Should you Hire a Draftsman over an Architect, and Vice-Versa
The words “draftsman” and “architect” have become synonymous to the lay man, but for those in-the-know they are hardly one and the same. Both professions play important roles in the Australian building industry, but it’s extremely important to have a solid grasp on what exactly these roles are before you hire either one to work on your project.
Learn from history or be doomed to repeat it.
Modern day confusion stems from the original relationship held between architects and draftsmen. Historically, an architect designed a structure from scratch and then passed off their rough sketches to a draftsman to refine into workable drawings for actual builders. Originally this was all done on paper, but for a few decades now CAD has ruled the roost.
The idea was that the architect was the master and the draftsman was the pupil. By delegating grunt work, architects were able to work on more projects at the same time. Back then draftsmen had very little to do with design decisions. Simply put, they translated the architect’s concept into a “how-to” sort of schematic.
And along comes Computer Aided Drafting, shaking up the program.
CAD made construction drawings faster to create, easier to modify, and simpler to reproduce. With the use of templates and software assisted engineering, draftsmen were able to design simple buildings on their own.
Over time, as draftsmen became more savvy with the tools of their trade, it became common for structures to be conceptualised and constructed from start to finish without ever consulting a certified architect.
Nowadays a very small percentage of residential properties built in Australia utilise the input of an architect. The numbers vary depending on who is reporting, but the general consensus is that fewer than 5% of new single-family homes are designed by an architect.
Stay in school, kids. You’ll make a lot more money.
An architect’s educational background is considerably different than that of a draftsman. CAD is something that you study at a 2 year trade school, whereas architecture requires 4-5 years attendance at a full-fledged university as well as 2 years of practice. Architects need to pass standardised tests issued by the government before they can become licensed and work professionally.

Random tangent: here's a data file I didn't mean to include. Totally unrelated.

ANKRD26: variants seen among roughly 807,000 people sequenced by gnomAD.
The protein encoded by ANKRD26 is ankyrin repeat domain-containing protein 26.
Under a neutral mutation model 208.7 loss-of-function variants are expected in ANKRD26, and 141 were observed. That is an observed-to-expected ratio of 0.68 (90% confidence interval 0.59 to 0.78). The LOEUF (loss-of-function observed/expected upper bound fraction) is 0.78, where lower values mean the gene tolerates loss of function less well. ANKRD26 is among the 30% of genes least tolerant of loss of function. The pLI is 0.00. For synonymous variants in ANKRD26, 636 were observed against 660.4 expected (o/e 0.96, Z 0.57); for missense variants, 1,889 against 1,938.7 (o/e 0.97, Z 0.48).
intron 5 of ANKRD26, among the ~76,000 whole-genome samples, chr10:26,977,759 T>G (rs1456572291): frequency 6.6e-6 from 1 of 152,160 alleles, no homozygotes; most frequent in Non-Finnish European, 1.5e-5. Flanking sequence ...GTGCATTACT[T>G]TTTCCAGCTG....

As you might imagine, the salary requirements for an architect are quite a bit heftier. After all, they’ve been through the ringer and back!
You get what you pay for, just make sure you’re paying for what you need.
Just because an architect costs more doesn’t mean that there’s never a need to hire one. If you place a high value on aesthetics, usage of space, energy efficiency, shadowing, and showcasing a unique or artistic look, then it could very well be worth your while to invest more resources at the design phase of your project by hiring an architect.
The homes you drool over flipping through the pages of a design magazine are not designed by draftsmen, they are designed by architects. If wowing the neighbours is more important than your bottom line, then the choice is simple. Architect all the way.
But if you’re happy with a slightly modified replica of a cookie-cutter design you’ve seen around the neighbourhood or you use the services of a renovation or extension company, then there’s simply no reason to shell out big bucks for an architect when a draftsman is more than capable of completing the task at hand. Similarly, 98% of all home extensions can be drawn up by a draftsman.
Now that you understand the difference between an architect and a draftsman, you’ll be able to make an informed decision on whom you need to hire when sketching out the plans for your dream home or next major renovation.